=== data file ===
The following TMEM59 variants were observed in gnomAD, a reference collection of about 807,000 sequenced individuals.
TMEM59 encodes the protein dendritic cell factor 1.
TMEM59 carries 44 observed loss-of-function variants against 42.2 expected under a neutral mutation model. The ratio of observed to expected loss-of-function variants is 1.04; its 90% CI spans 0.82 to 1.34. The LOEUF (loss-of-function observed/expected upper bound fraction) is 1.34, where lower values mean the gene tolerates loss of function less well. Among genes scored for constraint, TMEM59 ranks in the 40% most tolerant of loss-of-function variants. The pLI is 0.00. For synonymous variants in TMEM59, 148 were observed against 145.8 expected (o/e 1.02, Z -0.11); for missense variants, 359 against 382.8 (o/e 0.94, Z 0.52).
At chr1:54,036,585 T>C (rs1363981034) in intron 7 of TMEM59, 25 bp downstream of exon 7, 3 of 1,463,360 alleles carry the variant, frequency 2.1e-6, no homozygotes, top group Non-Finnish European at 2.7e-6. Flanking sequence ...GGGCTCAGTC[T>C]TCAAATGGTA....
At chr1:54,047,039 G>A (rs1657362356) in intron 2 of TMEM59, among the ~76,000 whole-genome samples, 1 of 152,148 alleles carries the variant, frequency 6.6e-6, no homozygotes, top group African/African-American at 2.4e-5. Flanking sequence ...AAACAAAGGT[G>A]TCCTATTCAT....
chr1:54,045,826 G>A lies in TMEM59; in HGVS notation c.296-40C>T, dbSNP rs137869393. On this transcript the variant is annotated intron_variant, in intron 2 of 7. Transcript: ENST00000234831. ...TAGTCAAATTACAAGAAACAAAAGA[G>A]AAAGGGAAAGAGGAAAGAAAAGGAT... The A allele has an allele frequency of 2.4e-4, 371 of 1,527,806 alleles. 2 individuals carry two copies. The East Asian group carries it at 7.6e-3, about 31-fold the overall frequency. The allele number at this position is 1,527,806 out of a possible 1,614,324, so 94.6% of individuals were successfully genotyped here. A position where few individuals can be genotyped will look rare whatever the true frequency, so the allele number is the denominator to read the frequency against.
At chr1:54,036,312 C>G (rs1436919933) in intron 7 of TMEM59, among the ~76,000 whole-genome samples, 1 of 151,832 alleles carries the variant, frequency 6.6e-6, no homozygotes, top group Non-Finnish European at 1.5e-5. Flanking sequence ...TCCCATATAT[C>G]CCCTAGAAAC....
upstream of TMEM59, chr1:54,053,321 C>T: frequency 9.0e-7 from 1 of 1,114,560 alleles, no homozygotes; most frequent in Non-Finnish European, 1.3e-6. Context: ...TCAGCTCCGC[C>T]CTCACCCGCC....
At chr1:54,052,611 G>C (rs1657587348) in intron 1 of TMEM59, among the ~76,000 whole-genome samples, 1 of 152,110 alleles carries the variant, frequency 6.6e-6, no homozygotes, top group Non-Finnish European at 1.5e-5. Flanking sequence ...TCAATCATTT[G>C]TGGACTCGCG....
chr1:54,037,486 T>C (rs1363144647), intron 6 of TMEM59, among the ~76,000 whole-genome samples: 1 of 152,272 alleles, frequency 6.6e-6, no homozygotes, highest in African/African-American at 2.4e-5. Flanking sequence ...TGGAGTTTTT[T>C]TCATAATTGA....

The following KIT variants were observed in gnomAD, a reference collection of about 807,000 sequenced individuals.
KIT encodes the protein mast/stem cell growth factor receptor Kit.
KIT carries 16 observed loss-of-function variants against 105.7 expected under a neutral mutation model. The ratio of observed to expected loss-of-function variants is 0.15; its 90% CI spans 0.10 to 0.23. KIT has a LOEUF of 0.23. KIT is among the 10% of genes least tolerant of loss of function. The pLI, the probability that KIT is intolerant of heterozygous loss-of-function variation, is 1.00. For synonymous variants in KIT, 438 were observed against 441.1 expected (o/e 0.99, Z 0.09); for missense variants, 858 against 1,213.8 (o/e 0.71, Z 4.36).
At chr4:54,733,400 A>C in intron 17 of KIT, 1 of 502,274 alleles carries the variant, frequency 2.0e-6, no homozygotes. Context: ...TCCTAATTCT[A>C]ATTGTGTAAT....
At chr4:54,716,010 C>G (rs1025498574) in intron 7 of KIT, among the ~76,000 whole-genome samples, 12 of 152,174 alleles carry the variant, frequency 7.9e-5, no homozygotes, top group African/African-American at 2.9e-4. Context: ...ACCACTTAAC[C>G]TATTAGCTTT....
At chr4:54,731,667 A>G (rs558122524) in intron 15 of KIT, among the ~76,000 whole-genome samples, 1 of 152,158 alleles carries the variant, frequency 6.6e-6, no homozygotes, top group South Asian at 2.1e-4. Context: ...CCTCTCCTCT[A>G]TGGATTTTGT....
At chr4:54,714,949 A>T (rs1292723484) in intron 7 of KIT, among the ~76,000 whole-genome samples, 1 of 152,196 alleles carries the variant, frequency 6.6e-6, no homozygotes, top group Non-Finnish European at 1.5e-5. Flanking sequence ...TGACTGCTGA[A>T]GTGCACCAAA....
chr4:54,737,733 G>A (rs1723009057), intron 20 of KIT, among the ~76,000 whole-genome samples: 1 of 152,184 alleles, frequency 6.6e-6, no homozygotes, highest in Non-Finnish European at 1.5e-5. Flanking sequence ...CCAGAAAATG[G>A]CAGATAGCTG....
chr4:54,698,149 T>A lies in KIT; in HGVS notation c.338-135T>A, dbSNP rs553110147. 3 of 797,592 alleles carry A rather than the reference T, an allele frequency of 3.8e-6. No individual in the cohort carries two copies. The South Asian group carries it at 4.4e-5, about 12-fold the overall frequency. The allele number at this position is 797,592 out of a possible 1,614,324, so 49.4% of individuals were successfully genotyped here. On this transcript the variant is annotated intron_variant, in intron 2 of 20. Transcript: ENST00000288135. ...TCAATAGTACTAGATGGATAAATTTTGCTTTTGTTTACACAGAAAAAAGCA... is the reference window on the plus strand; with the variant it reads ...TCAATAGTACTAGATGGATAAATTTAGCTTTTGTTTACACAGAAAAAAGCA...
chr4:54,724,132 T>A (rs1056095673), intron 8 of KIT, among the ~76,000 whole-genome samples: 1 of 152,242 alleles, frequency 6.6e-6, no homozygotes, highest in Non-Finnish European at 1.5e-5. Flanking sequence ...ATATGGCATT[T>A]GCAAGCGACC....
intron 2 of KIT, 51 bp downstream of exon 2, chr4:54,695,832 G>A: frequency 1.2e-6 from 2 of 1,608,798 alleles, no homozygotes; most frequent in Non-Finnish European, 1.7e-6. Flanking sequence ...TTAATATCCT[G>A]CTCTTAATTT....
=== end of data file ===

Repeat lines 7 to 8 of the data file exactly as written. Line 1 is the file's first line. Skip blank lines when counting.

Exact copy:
At chr1:54,036,312 C>G (rs1436919933) in intron 7 of TMEM59, among the ~76,000 whole-genome samples, 1 of 151,832 alleles carries the variant, frequency 6.6e-6, no homozygotes, top group Non-Finnish European at 1.5e-5. Flanking sequence ...TCCCATATAT[C>G]CCCTAGAAAC....
upstream of TMEM59, chr1:54,053,321 C>T: frequency 9.0e-7 from 1 of 1,114,560 alleles, no homozygotes; most frequent in Non-Finnish European, 1.3e-6. Context: ...TCAGCTCCGC[C>T]CTCACCCGCC....